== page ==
What I Hope I Don’t Hear at Mobility Field Day 4

With another Mobility Field Day 4 coming up soon, I can’t help but ponder what this year’s briefings will bring. (If you’re not familiar with Mobility Field Day or the Field Day franchise, have a look here.) As I bang this blog out, the agenda features:

  • Aruba
  • Cisco
  • Fortinet
  • Metageek
  • Mist
  • …and a secret company you’ll all find out about during the event

This list may or may not grow a little, we never know right up until the last minute. As is, it’s a nice mix of old-guard industry leaders, up-and-comers, crowd favorites, and tool-makers. The event is gonna sizzle as each vendor attempts to show their newest offerings and best face, and I’m both proud and priveleged to be in attendance.

That being said- As a loooong-time Wireless Doer and frequent delegate for Field Day events, I’d like to share some of what I sincerely hope I DO NOT see and hear at this awesome event. This is a voice from the trenches speaking…

  • AI and Machine Learning as THE THING. Given the line-up of pesenting vendors, I promise that you’ll get intoxicated if you take a drink everytime you hear “AI” or “machine learning” during MFD4. I’m all for letting the world know that these processes are at work under the hood- but companies also have a way of overselling buzzwords. Just because a vendor has incorporated artifical intelligence, machine learning, SDeverything, analytics, etc, it doesn’t mean the product won’t ultimately be problematic. There needs to be more to the presentation than “AND WE FREAKIN’ USE AI- NOW CUT US A P.O.!”
  • Over-Licensed Proprietary Features Masked as Innovation. Vendors have the right to charge whatever they want, and some have certainly turned complex licensing paradigms into huge cash cows.

    Hear me now vendors: license away- but know that fair play counts. And some of you have lost your sense of fair play in favor of squeezing every rediculous cent out of long-time loyal customers with obscene, over-complicated license paradigms that are poorly disguised as “innovative”.  You can show us the most useful and revolutionary features in the world, but when even your own sales folk get tripped up in the complexity of licensing, the aftertaste is not worth using the feauture set.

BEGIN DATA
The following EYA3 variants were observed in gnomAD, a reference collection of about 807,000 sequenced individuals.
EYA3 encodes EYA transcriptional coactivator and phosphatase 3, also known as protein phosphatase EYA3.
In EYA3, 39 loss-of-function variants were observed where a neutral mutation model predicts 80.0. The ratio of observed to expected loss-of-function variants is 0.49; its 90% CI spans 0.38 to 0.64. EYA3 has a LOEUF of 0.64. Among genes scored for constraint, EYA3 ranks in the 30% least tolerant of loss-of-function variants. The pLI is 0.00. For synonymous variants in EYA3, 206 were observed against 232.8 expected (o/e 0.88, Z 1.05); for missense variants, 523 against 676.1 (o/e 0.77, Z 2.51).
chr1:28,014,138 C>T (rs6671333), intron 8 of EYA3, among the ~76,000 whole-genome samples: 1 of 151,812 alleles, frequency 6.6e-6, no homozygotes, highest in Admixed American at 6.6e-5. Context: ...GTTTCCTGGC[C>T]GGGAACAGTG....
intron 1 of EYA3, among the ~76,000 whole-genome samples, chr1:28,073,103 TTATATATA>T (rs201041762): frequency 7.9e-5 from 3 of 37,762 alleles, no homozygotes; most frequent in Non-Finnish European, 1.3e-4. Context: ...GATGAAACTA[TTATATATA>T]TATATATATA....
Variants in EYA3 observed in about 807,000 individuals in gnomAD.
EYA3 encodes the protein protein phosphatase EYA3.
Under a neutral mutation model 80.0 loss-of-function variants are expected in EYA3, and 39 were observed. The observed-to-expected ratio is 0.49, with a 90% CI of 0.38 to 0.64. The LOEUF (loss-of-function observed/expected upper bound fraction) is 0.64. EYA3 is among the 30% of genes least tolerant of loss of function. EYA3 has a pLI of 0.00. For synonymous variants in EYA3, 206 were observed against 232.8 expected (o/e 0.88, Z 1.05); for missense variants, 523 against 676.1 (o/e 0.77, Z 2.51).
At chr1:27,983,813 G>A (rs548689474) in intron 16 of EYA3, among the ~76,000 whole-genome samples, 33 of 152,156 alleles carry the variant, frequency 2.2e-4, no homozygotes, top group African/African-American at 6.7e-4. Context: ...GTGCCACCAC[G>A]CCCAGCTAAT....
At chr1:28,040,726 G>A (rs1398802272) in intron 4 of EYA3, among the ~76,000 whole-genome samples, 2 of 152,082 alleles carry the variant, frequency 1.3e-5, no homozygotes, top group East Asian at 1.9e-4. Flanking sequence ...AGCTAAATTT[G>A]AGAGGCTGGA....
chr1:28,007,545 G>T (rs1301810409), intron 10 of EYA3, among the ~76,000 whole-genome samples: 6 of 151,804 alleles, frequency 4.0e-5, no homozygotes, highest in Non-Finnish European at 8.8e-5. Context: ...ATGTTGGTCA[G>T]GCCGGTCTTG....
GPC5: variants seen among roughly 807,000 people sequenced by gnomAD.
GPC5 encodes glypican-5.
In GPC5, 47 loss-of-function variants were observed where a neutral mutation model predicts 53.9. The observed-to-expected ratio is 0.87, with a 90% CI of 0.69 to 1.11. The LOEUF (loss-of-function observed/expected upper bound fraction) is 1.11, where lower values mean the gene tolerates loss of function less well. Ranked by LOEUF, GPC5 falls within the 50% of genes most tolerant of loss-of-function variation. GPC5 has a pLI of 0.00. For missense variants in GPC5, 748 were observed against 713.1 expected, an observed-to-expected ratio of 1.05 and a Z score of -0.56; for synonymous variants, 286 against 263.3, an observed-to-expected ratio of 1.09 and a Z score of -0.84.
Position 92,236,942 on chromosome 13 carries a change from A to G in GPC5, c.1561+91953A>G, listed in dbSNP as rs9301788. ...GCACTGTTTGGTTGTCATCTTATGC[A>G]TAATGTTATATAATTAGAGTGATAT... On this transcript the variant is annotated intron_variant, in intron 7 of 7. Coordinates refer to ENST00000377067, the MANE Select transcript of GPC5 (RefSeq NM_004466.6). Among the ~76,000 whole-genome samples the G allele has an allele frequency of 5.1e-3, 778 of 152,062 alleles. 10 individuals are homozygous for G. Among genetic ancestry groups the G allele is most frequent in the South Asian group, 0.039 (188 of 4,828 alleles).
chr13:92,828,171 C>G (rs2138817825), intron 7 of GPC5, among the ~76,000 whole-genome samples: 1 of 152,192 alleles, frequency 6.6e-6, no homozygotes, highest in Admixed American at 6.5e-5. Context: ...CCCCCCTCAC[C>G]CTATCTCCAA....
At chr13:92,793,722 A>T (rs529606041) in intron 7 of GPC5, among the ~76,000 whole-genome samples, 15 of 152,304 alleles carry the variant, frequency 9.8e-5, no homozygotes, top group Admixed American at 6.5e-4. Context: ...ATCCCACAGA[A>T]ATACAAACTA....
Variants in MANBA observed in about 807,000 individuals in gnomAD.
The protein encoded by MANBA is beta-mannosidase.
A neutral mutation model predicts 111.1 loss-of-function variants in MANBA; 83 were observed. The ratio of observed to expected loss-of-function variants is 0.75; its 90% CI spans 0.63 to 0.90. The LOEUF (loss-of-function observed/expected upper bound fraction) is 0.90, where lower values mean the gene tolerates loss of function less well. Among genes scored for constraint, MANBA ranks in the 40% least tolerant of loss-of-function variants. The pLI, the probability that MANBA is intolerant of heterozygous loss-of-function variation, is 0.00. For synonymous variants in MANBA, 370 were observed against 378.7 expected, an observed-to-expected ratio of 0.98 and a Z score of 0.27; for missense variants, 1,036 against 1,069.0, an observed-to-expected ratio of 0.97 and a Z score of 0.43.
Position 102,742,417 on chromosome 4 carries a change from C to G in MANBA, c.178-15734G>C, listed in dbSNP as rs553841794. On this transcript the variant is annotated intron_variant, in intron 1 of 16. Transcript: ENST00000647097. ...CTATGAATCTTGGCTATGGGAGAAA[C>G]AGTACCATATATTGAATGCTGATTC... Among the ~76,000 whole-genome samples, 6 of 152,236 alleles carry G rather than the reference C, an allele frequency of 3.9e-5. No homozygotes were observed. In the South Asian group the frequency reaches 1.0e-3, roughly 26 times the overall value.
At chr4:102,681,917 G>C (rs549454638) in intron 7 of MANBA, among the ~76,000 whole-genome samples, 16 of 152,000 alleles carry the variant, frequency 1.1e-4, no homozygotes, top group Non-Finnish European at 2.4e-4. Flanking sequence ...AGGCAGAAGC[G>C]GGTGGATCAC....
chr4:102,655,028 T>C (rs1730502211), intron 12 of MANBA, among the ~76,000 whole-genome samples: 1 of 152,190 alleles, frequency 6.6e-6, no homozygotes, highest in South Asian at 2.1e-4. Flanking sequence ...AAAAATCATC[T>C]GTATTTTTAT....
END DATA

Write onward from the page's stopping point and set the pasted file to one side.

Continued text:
• BMW Pricing for Ford Fiesta Feature Sets.  If it’s buggy, incomplete, “coming in Q1 next year”, bundled with a slew of other functions we really don’t want, or implemented with an out-of-touch developer’s view on wireless, it is not worth a premium. Back to the fair play thing- roadmap feautures are fine. But don’t charge me today for what I can’t use for 6-12 months. Or expect customers to be thrilled to pay for a laundry list of features they don’t need to create the illusion of some kind of wonderful deal is at hand. Be San Jose and let your merits carry you, and not Detroit- I’d rather have another vascetomy than visit a car dealership.
  • A New House Made of Crap is Still a House Made of Crap. There are product sets on the market that are long in the tooth and perpetually problematic and buggy. The delegates in the rooms at MFD4 will be all too familiar with hidden TCO that comes with lack of QA and rushed-out-the-door code and hardware. I sincerely hope that we don’t hear about “new” anything being added to product sets that need to be sunsetted for everyone’s benefit. In this spirit I would also like to hear honest explanations about how whatever new stuff is coming is developed with higher QA standards than in the past applied. It’s fun seeing RF test facilities and such, but the radios usually aren’t the issue- it’s substandard code that runs the radios. It’s hard to get excited about new features added to old problems.